Recruitment & Retention Articles

After you've spent resources onboarding your new employees, the true task becomes retaining them. Finding top talent and keeping them around is what makes most growing businesses competitive. New technology and the changing workforce is shifting the age-old processes HR managers have relied on.

Employee Talent: Right Person, Wrong Place?

20 May 2017
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A large part of employee communications is finding the right talent for the right job. What happens when you get the right person in the wrong position?

Sydney Smith in On the Conduct of the Understanding, one of a series of lectures on moral philosophy he delivered at the Royal Institution in the early 1800s, coined the idiomatic expression “a square peg in a round hole.” It’s a metaphor that can be used in every aspect of life, from the professional to the personal. It’s still in use in the 21st century, and often describes someone who is the right person in the wrong job. The square peg can be jammed into the round hole, but inevitably, there will be damage to both parts.

Employee Talent: Finding the Round Peg for the Round Hole

Every company, from the largest to the smallest, can run into “square and circle” issues with employees. It can happen during the hiring process. Or it can happen with a current employee. The person may share the organization’s vision and goals, but doesn’t have the skill set necessary to accomplish the task at hand. Or the skills are impressive, but the individual doesn’t fit into the corporate culture. And organizations can mistake someone for a genuine asset because “s/he looked good on paper.”

There are warning signs in the recruiting phase of employee hiring. They include a candidate’s lack of knowledge about the company and the position, an undistinguished or absent track record of achievements, arrogance, supplied references that are not from former supervisors or managers, and a gut feeling that the candidate isn’t right for a job. Paying attention to both concrete and intuitive reactions to a person can stop damage to the company before it starts.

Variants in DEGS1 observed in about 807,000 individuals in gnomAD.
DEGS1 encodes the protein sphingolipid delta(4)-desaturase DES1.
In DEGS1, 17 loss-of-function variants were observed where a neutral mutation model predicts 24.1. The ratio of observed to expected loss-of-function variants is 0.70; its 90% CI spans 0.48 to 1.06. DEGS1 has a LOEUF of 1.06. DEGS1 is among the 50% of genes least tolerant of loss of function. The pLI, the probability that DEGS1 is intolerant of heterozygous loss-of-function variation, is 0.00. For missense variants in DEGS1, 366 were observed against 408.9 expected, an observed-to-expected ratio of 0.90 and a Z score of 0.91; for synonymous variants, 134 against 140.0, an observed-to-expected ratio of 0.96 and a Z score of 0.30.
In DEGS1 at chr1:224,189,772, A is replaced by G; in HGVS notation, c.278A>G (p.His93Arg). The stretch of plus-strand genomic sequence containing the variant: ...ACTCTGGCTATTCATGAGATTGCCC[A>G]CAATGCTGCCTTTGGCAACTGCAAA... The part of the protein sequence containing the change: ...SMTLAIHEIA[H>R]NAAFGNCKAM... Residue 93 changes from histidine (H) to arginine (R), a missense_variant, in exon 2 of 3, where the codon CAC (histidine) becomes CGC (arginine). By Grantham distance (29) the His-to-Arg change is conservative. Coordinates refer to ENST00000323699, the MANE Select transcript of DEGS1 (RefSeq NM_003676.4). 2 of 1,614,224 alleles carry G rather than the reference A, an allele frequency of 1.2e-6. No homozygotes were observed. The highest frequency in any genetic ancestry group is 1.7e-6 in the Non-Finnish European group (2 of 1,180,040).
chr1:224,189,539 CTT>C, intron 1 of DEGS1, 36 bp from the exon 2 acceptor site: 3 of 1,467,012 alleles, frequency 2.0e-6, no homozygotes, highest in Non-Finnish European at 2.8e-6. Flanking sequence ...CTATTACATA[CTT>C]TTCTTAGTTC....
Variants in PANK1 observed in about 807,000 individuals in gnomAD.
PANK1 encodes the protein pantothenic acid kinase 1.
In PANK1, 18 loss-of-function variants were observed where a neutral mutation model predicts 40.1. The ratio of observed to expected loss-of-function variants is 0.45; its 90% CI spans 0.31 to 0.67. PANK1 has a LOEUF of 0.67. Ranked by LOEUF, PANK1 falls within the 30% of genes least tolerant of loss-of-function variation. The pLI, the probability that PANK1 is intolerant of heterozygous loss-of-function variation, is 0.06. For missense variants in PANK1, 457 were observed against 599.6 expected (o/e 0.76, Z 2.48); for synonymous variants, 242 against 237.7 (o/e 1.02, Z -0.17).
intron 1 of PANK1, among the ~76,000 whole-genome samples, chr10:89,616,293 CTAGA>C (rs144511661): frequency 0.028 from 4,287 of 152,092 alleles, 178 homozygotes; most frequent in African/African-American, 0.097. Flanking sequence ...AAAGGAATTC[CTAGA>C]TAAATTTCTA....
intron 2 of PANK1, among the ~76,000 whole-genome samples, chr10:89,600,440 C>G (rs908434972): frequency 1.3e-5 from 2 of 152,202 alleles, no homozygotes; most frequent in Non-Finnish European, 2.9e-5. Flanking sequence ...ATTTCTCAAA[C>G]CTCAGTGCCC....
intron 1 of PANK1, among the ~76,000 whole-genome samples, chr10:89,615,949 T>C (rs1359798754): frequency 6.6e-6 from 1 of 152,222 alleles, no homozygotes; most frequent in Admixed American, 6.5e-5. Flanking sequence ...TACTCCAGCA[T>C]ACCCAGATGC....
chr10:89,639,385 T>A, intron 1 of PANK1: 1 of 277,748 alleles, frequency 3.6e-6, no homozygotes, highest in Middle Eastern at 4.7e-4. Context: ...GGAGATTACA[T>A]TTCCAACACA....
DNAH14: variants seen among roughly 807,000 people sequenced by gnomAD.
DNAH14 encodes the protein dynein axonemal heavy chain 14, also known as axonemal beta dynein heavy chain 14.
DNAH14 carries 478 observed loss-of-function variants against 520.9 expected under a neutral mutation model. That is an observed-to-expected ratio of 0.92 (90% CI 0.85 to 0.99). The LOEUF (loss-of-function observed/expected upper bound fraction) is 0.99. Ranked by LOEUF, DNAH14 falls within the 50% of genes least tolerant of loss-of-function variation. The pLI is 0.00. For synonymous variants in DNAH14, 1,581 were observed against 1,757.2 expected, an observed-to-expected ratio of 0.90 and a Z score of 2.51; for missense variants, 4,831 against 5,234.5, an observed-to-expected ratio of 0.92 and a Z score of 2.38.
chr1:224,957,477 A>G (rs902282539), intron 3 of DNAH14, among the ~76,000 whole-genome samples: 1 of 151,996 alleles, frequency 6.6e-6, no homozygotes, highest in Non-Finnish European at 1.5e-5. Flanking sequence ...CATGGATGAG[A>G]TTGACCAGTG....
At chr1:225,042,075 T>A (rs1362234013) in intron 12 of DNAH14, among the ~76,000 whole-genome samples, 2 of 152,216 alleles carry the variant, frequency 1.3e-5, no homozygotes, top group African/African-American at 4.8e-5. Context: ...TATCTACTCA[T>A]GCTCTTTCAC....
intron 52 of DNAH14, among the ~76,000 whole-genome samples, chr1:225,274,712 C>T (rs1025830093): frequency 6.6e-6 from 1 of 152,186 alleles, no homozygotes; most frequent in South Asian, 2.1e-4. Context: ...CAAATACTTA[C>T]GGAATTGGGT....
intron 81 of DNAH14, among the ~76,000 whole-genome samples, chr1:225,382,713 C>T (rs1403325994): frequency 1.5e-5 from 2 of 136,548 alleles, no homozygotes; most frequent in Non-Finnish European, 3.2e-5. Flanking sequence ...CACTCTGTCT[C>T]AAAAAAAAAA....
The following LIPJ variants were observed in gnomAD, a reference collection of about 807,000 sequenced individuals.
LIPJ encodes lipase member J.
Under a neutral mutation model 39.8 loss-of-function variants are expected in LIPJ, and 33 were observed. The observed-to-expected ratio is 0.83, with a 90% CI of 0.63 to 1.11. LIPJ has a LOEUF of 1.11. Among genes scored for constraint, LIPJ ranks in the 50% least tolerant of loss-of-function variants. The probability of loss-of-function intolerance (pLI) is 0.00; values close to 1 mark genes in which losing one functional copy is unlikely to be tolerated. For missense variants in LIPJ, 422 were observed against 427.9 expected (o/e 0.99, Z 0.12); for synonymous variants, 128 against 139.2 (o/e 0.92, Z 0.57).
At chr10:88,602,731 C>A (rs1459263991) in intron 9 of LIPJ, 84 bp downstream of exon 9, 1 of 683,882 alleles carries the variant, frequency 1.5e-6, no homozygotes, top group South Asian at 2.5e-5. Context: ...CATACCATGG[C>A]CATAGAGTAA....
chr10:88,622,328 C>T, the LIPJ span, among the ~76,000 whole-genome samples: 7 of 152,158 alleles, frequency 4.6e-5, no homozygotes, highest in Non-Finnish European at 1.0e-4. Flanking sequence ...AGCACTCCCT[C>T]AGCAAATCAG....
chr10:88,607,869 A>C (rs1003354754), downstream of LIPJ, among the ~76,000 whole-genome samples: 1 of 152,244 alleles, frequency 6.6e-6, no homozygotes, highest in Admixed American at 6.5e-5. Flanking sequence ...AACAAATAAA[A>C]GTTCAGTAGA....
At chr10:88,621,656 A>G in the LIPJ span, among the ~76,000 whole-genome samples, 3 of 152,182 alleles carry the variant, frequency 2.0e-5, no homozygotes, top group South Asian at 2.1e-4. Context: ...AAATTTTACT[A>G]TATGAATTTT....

Employee Hiring & Retention: The Good, the Bad, and the Terribly Ugly


Coach Phil Crosby noted “Selecting the right person for the right job is the largest part of coaching.” Human resources personnel function as the talent scouts of the business world. Similar to scouts in professional sports, they take a look at who’s available in the current roster of employees, and what is needed. Sometimes, it’s a simple redirection of assets.

Perhaps a computer programmer has shown a tremendous knack in designing layouts for Web pages. It might be time to have a conversation with that person, and move him/her into the design arena. Hand-in-hand with senior management, HR scopes out employee talent within the ranks, as well as the gaps in the company’s infrastructure.

Sadly, underperformance may define an individual’s relationship to both a company and its culture. So what are the warning signs that Employee A, or potential Employee A is more of a liability than an asset? In an article by Brittney Helmrich for Business News Daily , Christian Muntean, a principal at Vantage Consulting, cites four red flags every HR and departmental manager should look for.

  • The employee demonstrates a pattern of weakness in a particular area.
  • The employee expresses frustration about one responsibility or role in particular.
  • The employee has a certain set of tasks or duties that they always seem to put off.
  • Other employees or managers tell you that the job doesn't seem to be a good fit.

These are issues that are potentially solvable. The person’s manager and the company’s HR director can sit down and discuss both the merits and minuses an individual brings to a position. The managerial role can be a step up in the company, but everyone who wants that role isn’t necessarily good in that role. For example, a hands-on person could very easily tip into the arena of micro-managing, which can lead to frustration and annoyance among team members.

Lawrence Bossidy, former CEO of Honeywell International noted, “I am convinced that nothing we do is more important than hiring and developing people. At the end of the day, you bet on people, not on strategies.” So find the round peg for the round hole, and the square peg for the square hole.

Joetta L. Wagner

Joetta L. Wagner is a researcher, writer and editor extraordinaire with over 20 years' experience. She absorbs information like a sponge absorbs water, and has been known to dazzle cocktail party patrons with an endless array of collected factoids. Her ruthlessness as an editor is an acquired skill.

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